Rear Adm. Daniel Hagari, the chief spokesman of the Israeli military, said on Tuesday that the army had detected the launch of a munition from the Nasser complex toward Israeli soldiers. The Israeli military later clarified that he had been referring to mortar fire.

“The Hamas terrorist organization systematically operates in Gaza’s hospitals and nearby areas using civilians as human shields,” he wrote on social media.

Hamas denies its fighters have used hospitals as bases for their operations.

The Times was not able to reach medical workers at the hospital on Wednesday as a near-total communications blackout across the Gaza Strip continued for a sixth consecutive day, leaving besieged civilians unable to call for help and aid workers struggling to reach them as Israeli airstrikes rained down on the south.

Paltel, the strip’s largest telecommunications company, said the blackout was the longest of several Gaza had faced since the start of the war.

Airstrikes and fighting between Israeli soldiers and Palestinian militants in Khan Younis have been so intense that repair crews have had trouble reaching the damaged sites, Paltel said. Last week, two of its workers, in the process of making repairs, were killed when a company car was fired upon, Paltel said, adding that it had coordinated the repairs with the Israeli authorities in advance. The Israeli military said the episode had been referred for investigation.

Even as the fighting continued, some officials were looking ahead to reconstruction once hostilities had ended. Rebuilding housing will cost at least $15 billion, Mohammad Mustafa, the chairman of the Palestine Investment Fund, whose board is appointed by the president of the Palestinian Authority, said on Wednesday. Speaking at the World Economic Forum’s annual meeting in the Swiss ski resort of Davos, Mr. Mustafa said the estimate did not include hospitals and infrastructure damaged or destroyed.

The U.S. secretary of state, Antony J. Blinken, who was also in Davos, said on Wednesday that the civilian suffering in Gaza was “gut wrenching” and that American officials had spoken to Israeli officials about their responsibility to minimize civilian casualties and facilitate humanitarian aid.

Mr. Blinken’s comments, while cast in unusually sharp language, were also a defense of the Biden administration’s approach to the conflict, in which it has strongly backed Israel’s war against Hamas while pressing Israeli officials to limit harm to Palestinian civilians.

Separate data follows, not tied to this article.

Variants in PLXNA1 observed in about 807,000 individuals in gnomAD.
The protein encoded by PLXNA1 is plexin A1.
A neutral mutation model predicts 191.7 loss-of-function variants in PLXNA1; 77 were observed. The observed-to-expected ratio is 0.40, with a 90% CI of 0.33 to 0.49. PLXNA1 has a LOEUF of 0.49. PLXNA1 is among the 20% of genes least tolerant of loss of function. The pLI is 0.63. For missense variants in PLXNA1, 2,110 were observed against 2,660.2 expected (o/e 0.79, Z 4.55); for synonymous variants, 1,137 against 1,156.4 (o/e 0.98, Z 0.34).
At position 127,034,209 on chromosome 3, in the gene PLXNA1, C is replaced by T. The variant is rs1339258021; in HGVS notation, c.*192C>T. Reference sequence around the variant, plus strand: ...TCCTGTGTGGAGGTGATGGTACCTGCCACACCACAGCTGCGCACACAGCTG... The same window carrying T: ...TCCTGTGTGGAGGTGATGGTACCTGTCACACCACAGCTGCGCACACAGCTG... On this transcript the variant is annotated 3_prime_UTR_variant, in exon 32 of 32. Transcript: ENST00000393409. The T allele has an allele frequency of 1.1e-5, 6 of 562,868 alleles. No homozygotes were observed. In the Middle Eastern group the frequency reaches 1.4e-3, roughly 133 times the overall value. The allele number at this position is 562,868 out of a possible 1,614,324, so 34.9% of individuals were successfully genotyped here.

“The suffering we’re seeing among innocent men, women and children breaks my heart,” he said in response to questions by The Times columnist Thomas Friedman. “The question is, what is to be done?”

“We’ve made judgments about how we thought we could be most effective in trying to shape this in ways to get more humanitarian assistance to people to get better protections and minimize civilian casualties,” he went on. “Every step along the way, not only have we impressed upon Israel its responsibilities to do that, we’ve seen some progress in areas where, absent our engagement, I don’t believe it would have happened.”

Mr. Blinken’s comments were consistent with the U.S. government’s broad political and military support for Israel’s military offensive in Gaza, which began after the Hamas-led attack killed about 1,200 people and more than 200 others were taken hostage on Oct. 7, Israeli officials said.

Also on Wednesday, the Israeli military said it had killed a Palestinian militant commander, Abdullah Abu Shalal, alongside several fellow fighters in the occupied West Bank in an airstrike targeting their vehicle.

The army described Mr. Abu Shalal as the commander of a militant cell based in the city of Nablus that was planning an “imminent” attack against Israelis. Palestinian officials said the men were members of the Al-Aqsa Martyrs’ Brigades, an armed group loosely affiliated with Fatah, the dominant Palestinian political faction in the West Bank.

Reporting was contributed by Matthew Mpoke Bigg, Nader Ibrahim, Malachy Browne, Anushka Patil, Roni Caryn Rabin and Gabby Sobelman.